A fracture is the (local) separation of an object or material into two, or more, pieces under the action of stress.
(i) Brittle fracture
In brittle fracture, no apparent plastic deformation takes place before fracture. In brittle crystalline materials, fracture can occur by cleavage as the result of tensile stress acting normal to crystallographic planes with low bonding (cleavage planes). In amorphous solids, by contrast, the lack of a crystalline structure results in a conchoidal fracture, with cracks proceeding normal to the applied tension.
The theoretical strength of a crystalline material is (roughly)
E is the Young's modulus of the material,
is the surface energy, and
is the equilibrium distance between atomic centres.
On the other hand, a crack introduces a stress concentration modelled by
(For sharp cracks)
is the loading stress,
a is half the length of the crack, and
is the radius of curvature at the crack tip.
Putting these two equations together, we get
Looking closely, we can see that sharp cracks (small ) and large defects (large ) both lower the fracture strength of the material.
Recently, scientists have discovered supersonic fracture, the phenomenon of crack motion faster than the speed of sound in a material. This phenomenon was recently also verified by experiment of fracture in rubber-like materials.
(ii) Ductile fracture
In ductile fracture, extensive plastic deformation (necking) takes place before fracture. The terms rupture or ductile rupture describes the ultimate failure of tough ductile materials loaded in tension. Rather than cracking, the material "pulls apart," generally leaving a rough surface. In this case there is slow propagation and an absorption of a large amount energy before fracture.
Many ductile metals, especially materials with high purity, can sustain very large deformation of 50–100% or more strain before fracture under favourable loading condition and environmental condition. The strain at which the fracture happens is controlled by the purity of the materials. At room temperature, pure iron can undergo deformation up to 100% strain before breaking, while cast iron or high-carbon steels can barely sustain 3% of strain.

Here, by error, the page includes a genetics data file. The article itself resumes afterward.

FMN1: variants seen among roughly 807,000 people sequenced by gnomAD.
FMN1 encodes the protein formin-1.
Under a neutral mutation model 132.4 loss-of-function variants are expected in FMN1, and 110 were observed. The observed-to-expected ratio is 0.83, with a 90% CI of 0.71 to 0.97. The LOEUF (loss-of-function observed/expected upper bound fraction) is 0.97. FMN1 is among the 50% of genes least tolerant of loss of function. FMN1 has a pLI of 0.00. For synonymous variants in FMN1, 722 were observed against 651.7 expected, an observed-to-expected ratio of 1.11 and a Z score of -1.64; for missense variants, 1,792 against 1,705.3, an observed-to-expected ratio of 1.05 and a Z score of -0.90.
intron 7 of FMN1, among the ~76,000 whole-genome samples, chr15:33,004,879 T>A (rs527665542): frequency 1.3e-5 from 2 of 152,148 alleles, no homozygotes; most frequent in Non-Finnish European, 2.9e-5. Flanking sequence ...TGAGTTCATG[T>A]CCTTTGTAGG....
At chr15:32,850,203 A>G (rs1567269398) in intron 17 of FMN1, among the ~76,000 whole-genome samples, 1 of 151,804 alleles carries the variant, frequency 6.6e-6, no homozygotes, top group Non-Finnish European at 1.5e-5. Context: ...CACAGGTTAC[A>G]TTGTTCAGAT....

Because ductile rupture involves a high degree of plastic deformation, the fracture behaviour of a propagating crack as modelled above changes fundamentally. Some of the energy from stress concentrations at the crack tips is dissipated by plastic deformation before the crack actually propagates.
The basic steps are: void formation, void coalescence (also known as crack formation), crack propagation, and failure, often resulting in a cup-and-cone shaped failure surface.
Crack separation modes
There are three ways of applying a force to enable a crack to propagate:
i. Mode I crack – Opening mode (a tensile stress normal to the plane of the crack)
ii. Mode II crack – Sliding mode (a shear stress acting parallel to the plane of the crack and perpendicular to the crack front)
iii. Mode III crack – Tearing mode (a shear stress acting parallel to the plane of the crack and parallel to the crack front)
Crack initiation and propagation accompany fracture. The manner through which the crack propagates through the material gives great insight into the mode of fracture. In ductile materials (ductile fracture), the crack moves slowly and is accompanied by a large amount of plastic deformation. The crack will usually not extend unless an increased stress is applied. On the other hand, in dealing with brittle fracture, cracks spread very rapidly with little or no plastic deformation. The cracks that propagate in a brittle material will continue to grow and increase in magnitude once they are initiated. Another important mannerism of crack propagation is the way in which the advancing crack travels through the material. A crack that passes through the grains within the material is undergoing transgranular fracture. However, a crack that propagates along the grain boundaries is termed an intergranular fracture.
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